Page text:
Waihi marked the centennial of Anzac Day at the Gilmour Reserve this morning.

"We are here to witness to our men's stories, to hear their voice, to pay respect and to remember and maybe, one day, we will understand," Kit Wilson, Chairperson of the Waihi Heritage Vision group said to the audience.

Among those men was local Jack Frewin, sent first to Korea for three years (1951-53) as a gunner when he was 21 years-old. He was then a dispatch rider delivering messages within the troops.

People gathered in Waihi to pay respects at the Anzac Day Civic Service. Photo/Melanie Camoin
People gathered in Waihi to pay respects at the Anzac Day Civic Service. Photo/Melanie Camoin

He recalled the extreme conditions New Zealanders faced.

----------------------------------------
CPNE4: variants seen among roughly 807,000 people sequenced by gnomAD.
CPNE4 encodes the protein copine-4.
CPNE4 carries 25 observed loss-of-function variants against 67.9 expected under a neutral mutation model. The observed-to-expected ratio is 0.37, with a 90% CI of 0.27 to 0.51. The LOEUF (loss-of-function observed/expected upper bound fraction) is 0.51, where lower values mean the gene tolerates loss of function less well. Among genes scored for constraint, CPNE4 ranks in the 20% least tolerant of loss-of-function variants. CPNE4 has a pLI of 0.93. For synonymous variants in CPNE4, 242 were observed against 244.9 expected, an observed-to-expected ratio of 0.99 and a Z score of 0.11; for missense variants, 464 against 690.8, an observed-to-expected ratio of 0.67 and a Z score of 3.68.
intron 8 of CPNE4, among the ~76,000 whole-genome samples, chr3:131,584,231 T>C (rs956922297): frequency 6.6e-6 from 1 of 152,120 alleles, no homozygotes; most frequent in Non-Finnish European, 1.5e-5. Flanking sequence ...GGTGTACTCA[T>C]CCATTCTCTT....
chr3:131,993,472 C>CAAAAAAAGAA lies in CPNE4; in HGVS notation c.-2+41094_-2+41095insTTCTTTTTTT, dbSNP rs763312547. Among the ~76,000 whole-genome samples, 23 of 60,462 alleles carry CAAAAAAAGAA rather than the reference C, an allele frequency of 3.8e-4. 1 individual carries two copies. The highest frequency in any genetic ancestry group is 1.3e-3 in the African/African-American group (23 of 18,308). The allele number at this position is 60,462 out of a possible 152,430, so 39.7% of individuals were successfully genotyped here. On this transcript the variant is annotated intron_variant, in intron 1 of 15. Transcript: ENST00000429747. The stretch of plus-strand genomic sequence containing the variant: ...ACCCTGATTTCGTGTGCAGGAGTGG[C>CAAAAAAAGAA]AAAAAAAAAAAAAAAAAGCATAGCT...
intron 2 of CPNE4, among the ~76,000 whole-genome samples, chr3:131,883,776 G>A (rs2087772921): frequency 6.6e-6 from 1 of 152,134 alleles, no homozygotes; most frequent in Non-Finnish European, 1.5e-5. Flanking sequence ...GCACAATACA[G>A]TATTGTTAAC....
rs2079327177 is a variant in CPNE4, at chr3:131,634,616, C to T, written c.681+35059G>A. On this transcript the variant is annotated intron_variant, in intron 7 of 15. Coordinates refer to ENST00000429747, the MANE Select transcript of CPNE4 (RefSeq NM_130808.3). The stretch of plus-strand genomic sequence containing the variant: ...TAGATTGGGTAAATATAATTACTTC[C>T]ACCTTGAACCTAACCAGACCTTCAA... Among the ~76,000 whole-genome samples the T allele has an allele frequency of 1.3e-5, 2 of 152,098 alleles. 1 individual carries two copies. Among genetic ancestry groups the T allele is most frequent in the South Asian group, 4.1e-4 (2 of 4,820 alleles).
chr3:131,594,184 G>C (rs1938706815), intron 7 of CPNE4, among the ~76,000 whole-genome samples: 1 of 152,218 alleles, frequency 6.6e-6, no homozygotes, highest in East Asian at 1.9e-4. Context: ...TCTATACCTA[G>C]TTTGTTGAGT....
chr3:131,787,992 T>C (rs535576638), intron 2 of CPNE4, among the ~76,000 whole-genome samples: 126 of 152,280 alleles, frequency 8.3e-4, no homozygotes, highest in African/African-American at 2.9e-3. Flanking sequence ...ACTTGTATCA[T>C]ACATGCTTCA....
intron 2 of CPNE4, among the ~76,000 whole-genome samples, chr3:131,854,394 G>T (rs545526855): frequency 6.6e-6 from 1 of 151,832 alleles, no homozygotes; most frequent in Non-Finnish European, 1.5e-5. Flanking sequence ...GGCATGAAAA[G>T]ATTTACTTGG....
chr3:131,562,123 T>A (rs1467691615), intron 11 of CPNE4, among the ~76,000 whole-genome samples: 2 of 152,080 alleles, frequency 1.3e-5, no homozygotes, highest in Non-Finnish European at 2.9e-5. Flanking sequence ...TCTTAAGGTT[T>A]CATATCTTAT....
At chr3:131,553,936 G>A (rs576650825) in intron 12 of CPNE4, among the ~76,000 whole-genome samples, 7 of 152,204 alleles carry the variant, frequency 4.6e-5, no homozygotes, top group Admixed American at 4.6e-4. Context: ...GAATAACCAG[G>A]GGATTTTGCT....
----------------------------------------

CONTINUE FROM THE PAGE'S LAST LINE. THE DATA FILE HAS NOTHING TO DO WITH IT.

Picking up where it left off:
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"The weather was extreme, going to minus 30 degrees. You could not have a sip of water without living your lips stuck on the glass," he said.

Like many veterans, Mr Frewin avoided telling the details of the battle. However he remembered how "humble" he felt when the Koreans praised the New Zealanders for their bravery.

Nearby the Tunnellers Memorial lay 100 crosses that where recently installed by the Fields of Remembrance trust.

Waihi also remembered those 400 men that left town to fight in the WWI; 88 of them were miners.

Waihi RSA president opened the ceremony followed by poet Wendy Joy Baker reading her poem, Brave.

Reverend Marjorie Tyson sent a prayer as the young generation, cultural leader at the Waihi College Ezra Thompson read the ode to the fallen in Maori.

Along with the community singers, official parties were invited to lay a wreath at the foot of the Tunnellers Memorial. Among these were wreaths on the behalf of the Tunnelling Company, the Fields of Remembrance Trust, Scott Simpson, the town of Arras, Waihi Scouts, the Heritage Vision, the RSA and the Women section.